Cramond Island isn’t entirely an island when the tide rolls out each day, allowing you to walk the causeway from the mainland. But as the tide rolls back in, the island is cut off once again—and it’s fairly common for people to turn around and find themselves stranded, if they aren’t watching the time.
Walking the perimeter along the shoreline, I crossed this pair of kayakers. I asked, “You gentlemen mind if I get a photo of you enjoying your lunch?”
“Only if you think you’ll want to look at it later,” the neon-green beanied fellow laughs.
Another useless receipt for a cup of coffee, manicured middle-aged men in three-piece suits, and green wallet-sized pictures of former presidents — these all, unfortunately, come to mind when I think “economy.” But the economy isn’t any one image. In fact, it isn’t necessarily an image at all. It’s a belief.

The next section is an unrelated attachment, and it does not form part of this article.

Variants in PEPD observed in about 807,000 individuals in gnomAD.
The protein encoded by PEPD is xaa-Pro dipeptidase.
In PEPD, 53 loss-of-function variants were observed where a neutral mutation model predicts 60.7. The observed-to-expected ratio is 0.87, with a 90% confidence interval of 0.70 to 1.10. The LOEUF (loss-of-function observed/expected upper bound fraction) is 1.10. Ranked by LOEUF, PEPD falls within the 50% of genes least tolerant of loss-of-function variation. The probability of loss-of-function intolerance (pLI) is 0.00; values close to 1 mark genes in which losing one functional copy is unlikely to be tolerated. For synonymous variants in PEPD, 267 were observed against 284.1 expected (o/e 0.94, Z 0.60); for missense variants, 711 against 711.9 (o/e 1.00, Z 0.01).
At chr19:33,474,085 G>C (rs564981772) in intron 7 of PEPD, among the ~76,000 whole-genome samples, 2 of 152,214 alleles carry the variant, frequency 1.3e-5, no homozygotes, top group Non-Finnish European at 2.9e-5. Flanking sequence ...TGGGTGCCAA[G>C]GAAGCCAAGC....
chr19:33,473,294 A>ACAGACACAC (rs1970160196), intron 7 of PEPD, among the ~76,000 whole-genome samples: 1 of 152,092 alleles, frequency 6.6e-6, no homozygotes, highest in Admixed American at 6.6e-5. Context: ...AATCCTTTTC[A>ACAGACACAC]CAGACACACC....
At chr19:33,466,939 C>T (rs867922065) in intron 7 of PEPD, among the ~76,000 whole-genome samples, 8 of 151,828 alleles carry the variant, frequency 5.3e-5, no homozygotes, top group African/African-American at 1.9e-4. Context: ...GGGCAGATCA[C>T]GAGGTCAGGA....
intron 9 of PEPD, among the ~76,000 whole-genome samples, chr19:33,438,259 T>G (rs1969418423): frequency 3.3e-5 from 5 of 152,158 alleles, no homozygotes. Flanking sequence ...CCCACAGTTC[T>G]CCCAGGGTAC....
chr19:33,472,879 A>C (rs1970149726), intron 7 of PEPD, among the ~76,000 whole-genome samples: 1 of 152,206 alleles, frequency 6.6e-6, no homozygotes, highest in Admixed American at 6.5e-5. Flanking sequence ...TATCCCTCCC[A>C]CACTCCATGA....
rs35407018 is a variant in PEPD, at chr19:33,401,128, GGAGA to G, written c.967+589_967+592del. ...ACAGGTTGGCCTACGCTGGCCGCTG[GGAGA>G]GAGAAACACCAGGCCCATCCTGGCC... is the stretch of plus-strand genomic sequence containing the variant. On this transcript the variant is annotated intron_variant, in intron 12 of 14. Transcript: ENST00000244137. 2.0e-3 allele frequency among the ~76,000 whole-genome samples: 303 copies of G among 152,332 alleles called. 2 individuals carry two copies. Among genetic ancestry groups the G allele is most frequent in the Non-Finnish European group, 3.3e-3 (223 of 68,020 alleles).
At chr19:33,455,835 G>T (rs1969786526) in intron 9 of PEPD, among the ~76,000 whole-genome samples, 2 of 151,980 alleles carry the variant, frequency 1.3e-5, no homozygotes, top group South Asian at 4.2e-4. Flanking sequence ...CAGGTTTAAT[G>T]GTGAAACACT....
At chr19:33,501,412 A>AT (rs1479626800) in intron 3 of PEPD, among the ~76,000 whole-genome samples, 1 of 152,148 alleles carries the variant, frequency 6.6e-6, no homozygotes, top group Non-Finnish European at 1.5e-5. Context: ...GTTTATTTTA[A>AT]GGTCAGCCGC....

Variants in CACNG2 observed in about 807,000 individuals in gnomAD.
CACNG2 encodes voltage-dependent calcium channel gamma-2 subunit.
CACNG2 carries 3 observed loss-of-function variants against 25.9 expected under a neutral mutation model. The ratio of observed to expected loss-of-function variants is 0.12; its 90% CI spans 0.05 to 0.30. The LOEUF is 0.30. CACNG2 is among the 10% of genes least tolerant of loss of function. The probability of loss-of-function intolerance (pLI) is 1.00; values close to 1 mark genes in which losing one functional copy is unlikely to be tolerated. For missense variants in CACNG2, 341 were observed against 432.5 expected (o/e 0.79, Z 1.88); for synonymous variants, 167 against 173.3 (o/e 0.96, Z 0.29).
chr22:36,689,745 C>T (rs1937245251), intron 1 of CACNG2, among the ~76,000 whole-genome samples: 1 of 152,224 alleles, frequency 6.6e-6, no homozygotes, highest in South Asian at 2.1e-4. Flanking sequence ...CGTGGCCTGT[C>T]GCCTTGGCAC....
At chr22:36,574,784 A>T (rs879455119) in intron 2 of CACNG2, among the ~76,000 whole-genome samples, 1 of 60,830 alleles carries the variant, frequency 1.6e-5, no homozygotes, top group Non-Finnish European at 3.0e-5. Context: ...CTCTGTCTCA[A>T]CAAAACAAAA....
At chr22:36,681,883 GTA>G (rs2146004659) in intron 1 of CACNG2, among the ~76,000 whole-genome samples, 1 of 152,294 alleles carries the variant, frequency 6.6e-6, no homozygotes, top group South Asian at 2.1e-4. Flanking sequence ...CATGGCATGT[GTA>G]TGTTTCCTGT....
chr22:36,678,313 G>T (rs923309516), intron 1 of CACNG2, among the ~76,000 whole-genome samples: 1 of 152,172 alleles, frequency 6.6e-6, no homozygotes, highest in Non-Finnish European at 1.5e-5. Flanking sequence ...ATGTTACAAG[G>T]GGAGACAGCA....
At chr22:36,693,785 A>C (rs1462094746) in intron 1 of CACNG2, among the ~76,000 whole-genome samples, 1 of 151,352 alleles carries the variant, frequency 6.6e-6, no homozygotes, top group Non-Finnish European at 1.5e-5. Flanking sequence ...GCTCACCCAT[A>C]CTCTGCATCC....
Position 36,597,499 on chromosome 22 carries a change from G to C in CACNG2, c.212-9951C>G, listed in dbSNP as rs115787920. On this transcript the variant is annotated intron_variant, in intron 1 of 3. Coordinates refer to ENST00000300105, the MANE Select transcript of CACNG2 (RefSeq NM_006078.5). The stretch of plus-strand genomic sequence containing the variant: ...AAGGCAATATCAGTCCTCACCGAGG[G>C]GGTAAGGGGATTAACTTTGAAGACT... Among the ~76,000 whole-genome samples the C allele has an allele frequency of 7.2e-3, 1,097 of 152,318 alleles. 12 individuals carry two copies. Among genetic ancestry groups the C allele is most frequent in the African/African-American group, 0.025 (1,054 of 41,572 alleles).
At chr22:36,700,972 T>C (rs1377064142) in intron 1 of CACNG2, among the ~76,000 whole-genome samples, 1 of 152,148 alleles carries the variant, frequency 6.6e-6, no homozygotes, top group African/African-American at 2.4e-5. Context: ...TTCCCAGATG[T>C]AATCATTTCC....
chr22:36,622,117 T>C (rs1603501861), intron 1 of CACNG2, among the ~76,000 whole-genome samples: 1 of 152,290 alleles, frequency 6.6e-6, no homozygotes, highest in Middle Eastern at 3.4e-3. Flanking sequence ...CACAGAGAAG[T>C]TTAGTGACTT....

The economy is a belief in a system — a system that ultimately depends on our societal consent for it to exist at all. I have to believe that if I have enough of these wrinkled pictures of presidents — or queens, or national birds — that they are worth a cup of coffee or a two bedroom flat. Or, on a slightly larger scale, a country’s national identity and reputation.
So we “believe” it into existence, but who keeps the economy alive?
This gentleman working in a field struck me. He looks well beyond the age that he should be performing such demanding physical labor. Yet in 2012, and less than two hours from London — a capital of world economy — here he is, bent achingly over his shovel — a sobering image of a life source for the British economy. GJM IV
Image and content © GJM IV 2012